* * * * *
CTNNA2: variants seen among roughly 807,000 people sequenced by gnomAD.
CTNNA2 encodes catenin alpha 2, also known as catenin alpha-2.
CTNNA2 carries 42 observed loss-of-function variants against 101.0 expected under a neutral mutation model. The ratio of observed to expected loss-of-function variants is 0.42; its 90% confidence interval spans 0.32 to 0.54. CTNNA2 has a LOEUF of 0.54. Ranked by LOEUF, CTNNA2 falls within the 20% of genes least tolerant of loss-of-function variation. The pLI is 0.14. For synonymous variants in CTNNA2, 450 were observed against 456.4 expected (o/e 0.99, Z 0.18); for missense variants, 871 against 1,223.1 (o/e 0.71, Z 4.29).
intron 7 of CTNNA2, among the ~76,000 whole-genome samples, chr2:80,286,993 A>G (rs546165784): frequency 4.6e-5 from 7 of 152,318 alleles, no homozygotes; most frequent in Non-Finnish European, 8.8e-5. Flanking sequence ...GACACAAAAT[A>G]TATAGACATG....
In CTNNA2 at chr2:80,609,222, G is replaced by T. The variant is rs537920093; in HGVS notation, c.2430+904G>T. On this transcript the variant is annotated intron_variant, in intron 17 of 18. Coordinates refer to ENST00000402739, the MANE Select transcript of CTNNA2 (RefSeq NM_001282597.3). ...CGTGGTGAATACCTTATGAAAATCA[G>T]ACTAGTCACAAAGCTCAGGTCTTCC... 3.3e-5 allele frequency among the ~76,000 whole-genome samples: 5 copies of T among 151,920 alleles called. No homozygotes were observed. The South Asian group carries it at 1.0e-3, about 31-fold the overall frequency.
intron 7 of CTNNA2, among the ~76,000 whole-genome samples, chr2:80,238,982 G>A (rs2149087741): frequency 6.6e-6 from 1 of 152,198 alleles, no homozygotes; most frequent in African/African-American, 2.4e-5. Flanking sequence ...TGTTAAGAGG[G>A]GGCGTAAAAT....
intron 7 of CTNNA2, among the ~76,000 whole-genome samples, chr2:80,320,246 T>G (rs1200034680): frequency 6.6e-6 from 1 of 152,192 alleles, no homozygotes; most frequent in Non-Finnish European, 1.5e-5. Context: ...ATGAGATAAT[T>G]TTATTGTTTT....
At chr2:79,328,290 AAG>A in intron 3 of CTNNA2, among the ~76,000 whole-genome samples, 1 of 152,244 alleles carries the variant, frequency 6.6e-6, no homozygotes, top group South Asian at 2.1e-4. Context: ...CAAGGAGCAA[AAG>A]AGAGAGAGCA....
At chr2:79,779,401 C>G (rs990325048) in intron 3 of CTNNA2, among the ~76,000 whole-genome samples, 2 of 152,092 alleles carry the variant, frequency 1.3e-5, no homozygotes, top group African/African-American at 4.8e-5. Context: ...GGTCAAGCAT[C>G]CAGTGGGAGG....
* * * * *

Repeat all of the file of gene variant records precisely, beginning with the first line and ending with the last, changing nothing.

CTNNA2: variants seen among roughly 807,000 people sequenced by gnomAD.
CTNNA2 encodes catenin alpha 2, also known as catenin alpha-2.
CTNNA2 carries 42 observed loss-of-function variants against 101.0 expected under a neutral mutation model. The ratio of observed to expected loss-of-function variants is 0.42; its 90% confidence interval spans 0.32 to 0.54. CTNNA2 has a LOEUF of 0.54. Ranked by LOEUF, CTNNA2 falls within the 20% of genes least tolerant of loss-of-function variation. The pLI is 0.14. For synonymous variants in CTNNA2, 450 were observed against 456.4 expected (o/e 0.99, Z 0.18); for missense variants, 871 against 1,223.1 (o/e 0.71, Z 4.29).
intron 7 of CTNNA2, among the ~76,000 whole-genome samples, chr2:80,286,993 A>G (rs546165784): frequency 4.6e-5 from 7 of 152,318 alleles, no homozygotes; most frequent in Non-Finnish European, 8.8e-5. Flanking sequence ...GACACAAAAT[A>G]TATAGACATG....
In CTNNA2 at chr2:80,609,222, G is replaced by T. The variant is rs537920093; in HGVS notation, c.2430+904G>T. On this transcript the variant is annotated intron_variant, in intron 17 of 18. Coordinates refer to ENST00000402739, the MANE Select transcript of CTNNA2 (RefSeq NM_001282597.3). ...CGTGGTGAATACCTTATGAAAATCA[G>T]ACTAGTCACAAAGCTCAGGTCTTCC... 3.3e-5 allele frequency among the ~76,000 whole-genome samples: 5 copies of T among 151,920 alleles called. No homozygotes were observed. The South Asian group carries it at 1.0e-3, about 31-fold the overall frequency.
intron 7 of CTNNA2, among the ~76,000 whole-genome samples, chr2:80,238,982 G>A (rs2149087741): frequency 6.6e-6 from 1 of 152,198 alleles, no homozygotes; most frequent in African/African-American, 2.4e-5. Flanking sequence ...TGTTAAGAGG[G>A]GGCGTAAAAT....
intron 7 of CTNNA2, among the ~76,000 whole-genome samples, chr2:80,320,246 T>G (rs1200034680): frequency 6.6e-6 from 1 of 152,192 alleles, no homozygotes; most frequent in Non-Finnish European, 1.5e-5. Context: ...ATGAGATAAT[T>G]TTATTGTTTT....
At chr2:79,328,290 AAG>A in intron 3 of CTNNA2, among the ~76,000 whole-genome samples, 1 of 152,244 alleles carries the variant, frequency 6.6e-6, no homozygotes, top group South Asian at 2.1e-4. Context: ...CAAGGAGCAA[AAG>A]AGAGAGAGCA....
At chr2:79,779,401 C>G (rs990325048) in intron 3 of CTNNA2, among the ~76,000 whole-genome samples, 2 of 152,092 alleles carry the variant, frequency 1.3e-5, no homozygotes, top group African/African-American at 4.8e-5. Context: ...GGTCAAGCAT[C>G]CAGTGGGAGG....